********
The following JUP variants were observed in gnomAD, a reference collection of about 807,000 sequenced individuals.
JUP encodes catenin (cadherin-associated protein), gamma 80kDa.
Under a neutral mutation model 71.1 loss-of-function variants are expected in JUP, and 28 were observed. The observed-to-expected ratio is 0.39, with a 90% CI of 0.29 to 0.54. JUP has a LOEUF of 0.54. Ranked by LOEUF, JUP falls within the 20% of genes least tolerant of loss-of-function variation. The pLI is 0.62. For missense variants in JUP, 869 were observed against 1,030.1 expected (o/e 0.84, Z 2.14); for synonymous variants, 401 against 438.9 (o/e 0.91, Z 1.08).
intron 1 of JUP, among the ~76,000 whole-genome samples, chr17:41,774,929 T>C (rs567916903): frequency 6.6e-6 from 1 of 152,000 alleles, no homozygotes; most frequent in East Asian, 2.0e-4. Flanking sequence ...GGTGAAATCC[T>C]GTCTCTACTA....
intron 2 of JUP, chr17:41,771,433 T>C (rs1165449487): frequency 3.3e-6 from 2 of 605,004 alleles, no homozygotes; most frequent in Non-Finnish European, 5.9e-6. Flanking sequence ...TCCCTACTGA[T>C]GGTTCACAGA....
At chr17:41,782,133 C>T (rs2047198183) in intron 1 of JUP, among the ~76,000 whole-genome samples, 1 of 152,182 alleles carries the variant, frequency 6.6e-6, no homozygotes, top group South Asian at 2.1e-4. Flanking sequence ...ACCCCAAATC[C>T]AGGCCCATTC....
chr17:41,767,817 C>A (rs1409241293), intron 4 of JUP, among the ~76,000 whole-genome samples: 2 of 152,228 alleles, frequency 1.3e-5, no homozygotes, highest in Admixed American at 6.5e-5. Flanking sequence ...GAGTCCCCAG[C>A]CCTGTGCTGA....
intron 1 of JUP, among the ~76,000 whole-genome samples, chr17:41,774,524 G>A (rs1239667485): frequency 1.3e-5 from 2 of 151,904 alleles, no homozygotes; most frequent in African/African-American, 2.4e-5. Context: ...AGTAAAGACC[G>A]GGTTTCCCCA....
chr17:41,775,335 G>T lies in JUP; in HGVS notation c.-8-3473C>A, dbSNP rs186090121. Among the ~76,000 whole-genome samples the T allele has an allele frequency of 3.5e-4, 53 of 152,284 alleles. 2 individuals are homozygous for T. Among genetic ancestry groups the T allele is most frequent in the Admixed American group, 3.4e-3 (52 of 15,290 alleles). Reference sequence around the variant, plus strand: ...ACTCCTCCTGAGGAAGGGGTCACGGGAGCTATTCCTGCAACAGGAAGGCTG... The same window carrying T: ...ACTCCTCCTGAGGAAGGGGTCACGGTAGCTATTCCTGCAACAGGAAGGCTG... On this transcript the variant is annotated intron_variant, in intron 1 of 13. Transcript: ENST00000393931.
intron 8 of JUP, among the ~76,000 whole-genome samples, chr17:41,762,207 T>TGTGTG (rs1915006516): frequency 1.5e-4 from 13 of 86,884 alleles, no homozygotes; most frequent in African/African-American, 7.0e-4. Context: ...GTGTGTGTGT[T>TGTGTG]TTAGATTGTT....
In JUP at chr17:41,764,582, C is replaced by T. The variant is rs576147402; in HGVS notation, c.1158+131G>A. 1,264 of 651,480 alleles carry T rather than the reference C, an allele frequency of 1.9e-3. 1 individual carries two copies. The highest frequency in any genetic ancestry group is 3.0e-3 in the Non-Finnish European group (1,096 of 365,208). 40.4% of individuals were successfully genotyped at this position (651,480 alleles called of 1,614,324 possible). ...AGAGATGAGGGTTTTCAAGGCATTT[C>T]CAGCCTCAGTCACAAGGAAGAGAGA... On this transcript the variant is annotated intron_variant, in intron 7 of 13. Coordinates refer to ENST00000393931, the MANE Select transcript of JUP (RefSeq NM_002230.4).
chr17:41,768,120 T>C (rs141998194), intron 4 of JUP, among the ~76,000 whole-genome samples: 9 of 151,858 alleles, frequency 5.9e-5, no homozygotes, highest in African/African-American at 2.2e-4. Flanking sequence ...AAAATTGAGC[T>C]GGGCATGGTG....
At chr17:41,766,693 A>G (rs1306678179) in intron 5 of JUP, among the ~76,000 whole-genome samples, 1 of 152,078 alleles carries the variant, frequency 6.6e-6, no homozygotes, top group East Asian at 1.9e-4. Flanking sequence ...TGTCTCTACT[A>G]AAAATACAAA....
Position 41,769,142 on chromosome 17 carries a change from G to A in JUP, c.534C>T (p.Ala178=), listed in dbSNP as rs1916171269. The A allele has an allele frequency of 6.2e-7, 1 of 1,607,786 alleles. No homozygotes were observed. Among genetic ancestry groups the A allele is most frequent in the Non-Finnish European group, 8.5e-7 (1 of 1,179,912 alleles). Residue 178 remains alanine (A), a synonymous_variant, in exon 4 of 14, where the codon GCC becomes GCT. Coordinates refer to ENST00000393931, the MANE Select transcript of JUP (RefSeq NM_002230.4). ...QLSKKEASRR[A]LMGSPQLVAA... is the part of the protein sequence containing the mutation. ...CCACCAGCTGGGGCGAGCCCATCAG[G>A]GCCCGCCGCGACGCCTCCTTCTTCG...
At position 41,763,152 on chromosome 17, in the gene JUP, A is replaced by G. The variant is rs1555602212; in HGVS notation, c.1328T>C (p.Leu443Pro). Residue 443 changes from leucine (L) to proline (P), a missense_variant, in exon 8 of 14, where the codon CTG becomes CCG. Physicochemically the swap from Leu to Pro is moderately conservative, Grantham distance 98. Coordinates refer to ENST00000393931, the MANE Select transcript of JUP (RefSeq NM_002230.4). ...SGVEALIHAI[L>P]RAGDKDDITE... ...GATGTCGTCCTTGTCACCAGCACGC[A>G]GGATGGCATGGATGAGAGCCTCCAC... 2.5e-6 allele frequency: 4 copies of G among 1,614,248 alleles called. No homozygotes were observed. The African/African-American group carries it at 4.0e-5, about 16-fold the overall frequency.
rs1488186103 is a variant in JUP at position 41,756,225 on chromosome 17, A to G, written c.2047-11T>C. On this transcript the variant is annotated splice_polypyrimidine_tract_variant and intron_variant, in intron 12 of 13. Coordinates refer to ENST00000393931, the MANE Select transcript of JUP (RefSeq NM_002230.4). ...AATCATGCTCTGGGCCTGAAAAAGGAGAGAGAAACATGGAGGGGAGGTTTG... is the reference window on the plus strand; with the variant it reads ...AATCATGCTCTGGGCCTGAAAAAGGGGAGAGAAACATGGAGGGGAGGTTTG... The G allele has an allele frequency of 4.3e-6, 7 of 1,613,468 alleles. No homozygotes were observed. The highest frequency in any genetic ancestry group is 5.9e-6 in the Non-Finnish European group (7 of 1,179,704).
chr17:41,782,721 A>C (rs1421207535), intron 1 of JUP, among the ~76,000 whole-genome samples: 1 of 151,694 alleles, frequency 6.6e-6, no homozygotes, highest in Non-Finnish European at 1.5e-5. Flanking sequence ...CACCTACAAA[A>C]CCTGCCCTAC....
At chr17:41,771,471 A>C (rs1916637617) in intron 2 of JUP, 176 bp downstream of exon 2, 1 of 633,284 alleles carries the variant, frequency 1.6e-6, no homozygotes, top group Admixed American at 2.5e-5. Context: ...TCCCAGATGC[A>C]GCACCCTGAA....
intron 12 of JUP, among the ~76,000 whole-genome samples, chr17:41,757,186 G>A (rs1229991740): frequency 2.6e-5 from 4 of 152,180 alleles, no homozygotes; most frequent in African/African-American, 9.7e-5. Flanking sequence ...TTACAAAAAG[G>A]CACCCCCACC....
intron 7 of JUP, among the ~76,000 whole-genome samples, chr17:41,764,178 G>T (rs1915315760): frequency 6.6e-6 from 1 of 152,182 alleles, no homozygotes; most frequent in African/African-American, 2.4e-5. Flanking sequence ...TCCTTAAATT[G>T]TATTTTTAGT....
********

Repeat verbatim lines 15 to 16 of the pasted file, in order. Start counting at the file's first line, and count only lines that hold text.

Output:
At position 41,763,152 on chromosome 17, in the gene JUP, A is replaced by G. The variant is rs1555602212; in HGVS notation, c.1328T>C (p.Leu443Pro). Residue 443 changes from leucine (L) to proline (P), a missense_variant, in exon 8 of 14, where the codon CTG becomes CCG. Physicochemically the swap from Leu to Pro is moderately conservative, Grantham distance 98. Coordinates refer to ENST00000393931, the MANE Select transcript of JUP (RefSeq NM_002230.4). ...SGVEALIHAI[L>P]RAGDKDDITE... ...GATGTCGTCCTTGTCACCAGCACGC[A>G]GGATGGCATGGATGAGAGCCTCCAC... 2.5e-6 allele frequency: 4 copies of G among 1,614,248 alleles called. No homozygotes were observed. The African/African-American group carries it at 4.0e-5, about 16-fold the overall frequency.
rs1488186103 is a variant in JUP at position 41,756,225 on chromosome 17, A to G, written c.2047-11T>C. On this transcript the variant is annotated splice_polypyrimidine_tract_variant and intron_variant, in intron 12 of 13. Coordinates refer to ENST00000393931, the MANE Select transcript of JUP (RefSeq NM_002230.4). ...AATCATGCTCTGGGCCTGAAAAAGGAGAGAGAAACATGGAGGGGAGGTTTG... is the reference window on the plus strand; with the variant it reads ...AATCATGCTCTGGGCCTGAAAAAGGGGAGAGAAACATGGAGGGGAGGTTTG... The G allele has an allele frequency of 4.3e-6, 7 of 1,613,468 alleles. No homozygotes were observed. The highest frequency in any genetic ancestry group is 5.9e-6 in the Non-Finnish European group (7 of 1,179,704).